good part of Venus, by Jaime Balagueró, takes place in claustrophobic spaces. Long corridors that are deformed depending on the point of view from which they are looked at, rooms that seem to get bigger or smaller depending on the lighting. But in particular, the entire film has an air of suffocating physical tension, as if its namesake building were a ravenous monster.
In fact, it is in certain aspects and from that point of view, elaborated and sinister, Venus state your premise. Everything that happens within the mysterious environment of a horror center building has the power to be a door to an unknown place. Creepy and unique enough to create your own rules, perceptions, and journeys through the darkness.
Balagueró, who joins the anthology The Fear Collectionfrom Sony Pictures and Pokeepsie Films, experiment with the terrifying through the tangible. Something happens in the old construction scene of the story. Of tenor so frightful and inexplicable as to Venusin all its peculiar vitality, stands on the image of closed doors and windows.
Of course, haunted places and terrifying spaces are part of a long tradition in horror movies. The Venus building in Jaume Balagueró’s film pays tribute to the most recurring codes of the trope. But it also does something else. He extrapolates it to make it something more elaborate, aware of its plot weight and supported by the darkness of his characters. The mixture endows Venus of a consistent personality, which also allows him to explore new spaces on the subject. One of the points of greatest interest in its history.
Jaume Balagueró, who joins the anthology The Fear Collection from Sony Pictures and Pokeepsie Films, experiments with the terrifying through the tangible. Something happens in the old construction scene of the story. So frightful and inexplicable in tenor as to make Venus, in all her peculiar vitality, stand upon the image of closed doors and windows. Of course, the cursed places and terrifying spaces are part of a long tradition in horror movies. The Venus building in the film pays tribute to the most recurring codes of the trope. But it also does something else. He extrapolates it to make it something more elaborate, aware of its plot weight and supported by the darkness of his characters.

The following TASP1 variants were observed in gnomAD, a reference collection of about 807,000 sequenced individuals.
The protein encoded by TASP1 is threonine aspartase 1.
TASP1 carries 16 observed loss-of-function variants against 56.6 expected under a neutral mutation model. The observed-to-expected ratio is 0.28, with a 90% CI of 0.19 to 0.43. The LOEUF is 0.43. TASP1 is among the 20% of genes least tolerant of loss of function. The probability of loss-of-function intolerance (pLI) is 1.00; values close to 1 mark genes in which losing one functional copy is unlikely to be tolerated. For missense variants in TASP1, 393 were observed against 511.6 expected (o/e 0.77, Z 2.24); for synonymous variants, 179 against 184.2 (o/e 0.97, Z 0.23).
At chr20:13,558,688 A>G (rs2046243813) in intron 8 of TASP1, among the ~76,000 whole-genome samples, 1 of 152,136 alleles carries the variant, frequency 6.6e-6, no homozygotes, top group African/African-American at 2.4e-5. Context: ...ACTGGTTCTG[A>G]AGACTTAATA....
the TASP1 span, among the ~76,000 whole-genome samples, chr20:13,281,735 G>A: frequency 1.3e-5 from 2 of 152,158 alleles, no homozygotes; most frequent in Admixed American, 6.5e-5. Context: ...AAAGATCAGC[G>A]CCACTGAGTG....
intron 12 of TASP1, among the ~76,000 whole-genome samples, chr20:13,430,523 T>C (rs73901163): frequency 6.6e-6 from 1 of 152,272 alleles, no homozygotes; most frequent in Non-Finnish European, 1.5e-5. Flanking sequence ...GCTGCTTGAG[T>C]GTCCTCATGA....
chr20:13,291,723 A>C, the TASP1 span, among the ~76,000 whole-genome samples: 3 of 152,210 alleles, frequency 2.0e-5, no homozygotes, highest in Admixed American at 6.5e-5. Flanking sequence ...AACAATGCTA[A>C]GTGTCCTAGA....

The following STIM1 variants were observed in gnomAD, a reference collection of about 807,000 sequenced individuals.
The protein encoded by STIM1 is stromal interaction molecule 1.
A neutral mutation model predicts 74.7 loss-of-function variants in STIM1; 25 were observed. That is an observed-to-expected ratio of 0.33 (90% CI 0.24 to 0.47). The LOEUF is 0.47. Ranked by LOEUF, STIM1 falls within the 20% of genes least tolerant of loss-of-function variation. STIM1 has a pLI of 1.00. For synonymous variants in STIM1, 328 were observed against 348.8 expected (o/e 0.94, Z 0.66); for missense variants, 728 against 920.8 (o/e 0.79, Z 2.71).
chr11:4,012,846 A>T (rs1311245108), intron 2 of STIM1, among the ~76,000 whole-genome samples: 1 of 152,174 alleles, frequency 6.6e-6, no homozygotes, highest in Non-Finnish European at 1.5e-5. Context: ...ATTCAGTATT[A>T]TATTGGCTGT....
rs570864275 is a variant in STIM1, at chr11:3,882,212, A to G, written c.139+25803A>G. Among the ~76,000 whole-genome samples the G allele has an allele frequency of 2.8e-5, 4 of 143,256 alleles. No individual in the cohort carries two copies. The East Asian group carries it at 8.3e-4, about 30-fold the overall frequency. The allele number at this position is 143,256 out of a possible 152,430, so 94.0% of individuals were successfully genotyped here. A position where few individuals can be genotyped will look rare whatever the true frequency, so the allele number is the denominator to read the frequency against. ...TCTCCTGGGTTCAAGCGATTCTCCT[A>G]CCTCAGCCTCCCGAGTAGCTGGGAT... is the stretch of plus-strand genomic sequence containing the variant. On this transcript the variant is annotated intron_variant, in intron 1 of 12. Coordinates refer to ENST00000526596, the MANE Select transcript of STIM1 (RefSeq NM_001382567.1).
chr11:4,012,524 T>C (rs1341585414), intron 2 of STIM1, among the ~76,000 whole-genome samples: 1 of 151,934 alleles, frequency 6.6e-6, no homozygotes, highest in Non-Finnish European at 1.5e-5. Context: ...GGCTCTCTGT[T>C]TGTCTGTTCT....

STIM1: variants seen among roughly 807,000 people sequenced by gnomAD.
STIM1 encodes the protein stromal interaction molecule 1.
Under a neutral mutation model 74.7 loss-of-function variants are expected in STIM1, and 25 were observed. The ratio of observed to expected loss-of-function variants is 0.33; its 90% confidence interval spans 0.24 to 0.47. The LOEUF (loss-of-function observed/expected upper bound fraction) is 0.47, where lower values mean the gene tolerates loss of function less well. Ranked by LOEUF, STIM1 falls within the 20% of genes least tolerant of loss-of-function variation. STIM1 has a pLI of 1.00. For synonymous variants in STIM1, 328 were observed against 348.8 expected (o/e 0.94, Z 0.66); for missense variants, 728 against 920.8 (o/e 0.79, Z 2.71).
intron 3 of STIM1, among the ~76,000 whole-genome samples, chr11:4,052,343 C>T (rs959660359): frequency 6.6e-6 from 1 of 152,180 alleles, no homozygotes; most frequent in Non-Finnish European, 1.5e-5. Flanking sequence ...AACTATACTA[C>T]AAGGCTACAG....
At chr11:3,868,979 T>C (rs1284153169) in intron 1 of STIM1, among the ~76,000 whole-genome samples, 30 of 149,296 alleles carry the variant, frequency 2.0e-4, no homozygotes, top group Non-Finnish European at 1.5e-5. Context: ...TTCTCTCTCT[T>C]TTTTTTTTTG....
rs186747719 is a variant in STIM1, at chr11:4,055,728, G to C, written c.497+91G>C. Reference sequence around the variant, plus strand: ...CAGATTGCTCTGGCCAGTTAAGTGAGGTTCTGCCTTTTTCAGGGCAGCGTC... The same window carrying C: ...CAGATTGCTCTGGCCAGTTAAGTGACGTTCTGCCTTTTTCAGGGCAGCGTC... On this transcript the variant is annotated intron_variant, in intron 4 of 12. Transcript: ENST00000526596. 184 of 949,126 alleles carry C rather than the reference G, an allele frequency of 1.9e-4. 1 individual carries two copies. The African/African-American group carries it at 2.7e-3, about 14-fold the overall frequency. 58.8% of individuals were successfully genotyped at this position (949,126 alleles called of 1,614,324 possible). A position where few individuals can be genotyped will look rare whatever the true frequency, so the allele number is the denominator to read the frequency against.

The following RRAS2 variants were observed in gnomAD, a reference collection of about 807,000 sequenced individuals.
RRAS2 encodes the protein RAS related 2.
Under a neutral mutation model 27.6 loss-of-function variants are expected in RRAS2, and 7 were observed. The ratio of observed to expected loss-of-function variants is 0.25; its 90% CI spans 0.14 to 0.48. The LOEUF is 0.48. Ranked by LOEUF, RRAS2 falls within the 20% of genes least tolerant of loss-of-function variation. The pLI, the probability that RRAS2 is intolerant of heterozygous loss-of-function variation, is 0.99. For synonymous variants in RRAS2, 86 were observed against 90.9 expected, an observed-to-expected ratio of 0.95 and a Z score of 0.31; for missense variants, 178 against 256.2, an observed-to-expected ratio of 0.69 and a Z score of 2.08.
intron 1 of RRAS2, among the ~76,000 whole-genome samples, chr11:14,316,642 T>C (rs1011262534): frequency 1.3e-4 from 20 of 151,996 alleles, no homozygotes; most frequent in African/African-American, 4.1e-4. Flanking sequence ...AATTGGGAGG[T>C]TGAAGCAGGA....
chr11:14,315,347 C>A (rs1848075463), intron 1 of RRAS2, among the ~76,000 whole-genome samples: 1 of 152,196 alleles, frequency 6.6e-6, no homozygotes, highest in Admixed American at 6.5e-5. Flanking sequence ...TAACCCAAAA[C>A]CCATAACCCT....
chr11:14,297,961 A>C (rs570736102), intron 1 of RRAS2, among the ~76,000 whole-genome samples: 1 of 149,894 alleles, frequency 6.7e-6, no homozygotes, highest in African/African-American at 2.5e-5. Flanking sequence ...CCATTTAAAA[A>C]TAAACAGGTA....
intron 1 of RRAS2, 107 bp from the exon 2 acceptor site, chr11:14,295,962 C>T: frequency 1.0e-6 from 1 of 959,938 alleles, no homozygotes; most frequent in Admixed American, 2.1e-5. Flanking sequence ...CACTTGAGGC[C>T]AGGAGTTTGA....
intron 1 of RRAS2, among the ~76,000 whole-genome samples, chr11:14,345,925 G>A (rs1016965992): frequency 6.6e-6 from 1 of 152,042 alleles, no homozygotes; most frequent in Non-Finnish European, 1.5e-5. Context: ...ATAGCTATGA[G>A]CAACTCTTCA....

The horrors that lie in forgotten halls and stairways Venus
This reinvention of the story “Dreams in the Witch’s House”, by HP Lovecraft, is intuitive and sinister intelligence. In the same way as the homonymous tale, Balagueró takes the time to show the scope of the darkness that surrounds the characters. So he pays careful attention to his characters.
Lucía (Ester Expósito) is an exotic dancer who has just made the worst mistake of her life. She not only dared to rob the crime bosses who run the place where she works. She also to escape with a large loot with which she hopes to flee from the life that she had until then and from danger. The script, by Balagueró himself and Fernando Navarro (Veronica), analyzes the threat from the everyday. Lucia’s problems are mundane, urgent, and require practical solutions.
But, even more twisted, they open the door to the supernatural. The notion of everything the character could do — and will do — to save her life is intelligently established. And much more, with an urgency of motives that ends up being elegant in the most ambitious sense of its scope. Is the supernatural the limit of all things? Lucía is capable of stealing, without a doubt, of killing, and she will do whatever it takes to avoid being discovered.
That solution to their dilemmas is to hide with their only living relatives. The director thus elaborates the marginalized and excluded character of her character, which will allow her, later, to face the stark horror. Her sister Rocío (Ángela Cremonte) and her niece Alba (Inés Fernández) are the last place Lucía would go.
So hiding by his side turns the first minutes of Venus into something more elaborate, consistent and related to his personality. The script moves quickly to show Lucía secluded between domestic conflicts, family tension and something else. Because the Venus building is not just a place. It is also something inexplicable that is about to slowly devour her.
A race against time and darkness
Venus he takes his time to show his secrets. While he does it, the director strives to create an unbreathable atmosphere. The floors look wet and disgusting. The walls ooze moisture. The director knows that the greatest impact of his film lies in gradually showing the darkness that lives at the bottom of ordinary situations.
And she does so when Rocío finally runs away and leaves little Alba in the care of Lucía. What happen? Why did she do it? The question becomes more haunting, scary and twisted as the building becomes a borderline with horror.
From Lucia’s nightmares to, finally, the feeling that everything in the Venus building is surrounded by scary secrets barely suggested. Venus is a brilliant collection of insights into the supernatural. Also the way in which good, evil and simply human mix with each other.
For its impressive and well-constructed final stretch, Venus ends up revealing its enigmas. But, even in the light of the terrifying, there is an element of profound beauty in this sinuous terror, graceful and sustained by its latent power. The highest point of an elegant and provocative film that surprises with its effectiveness.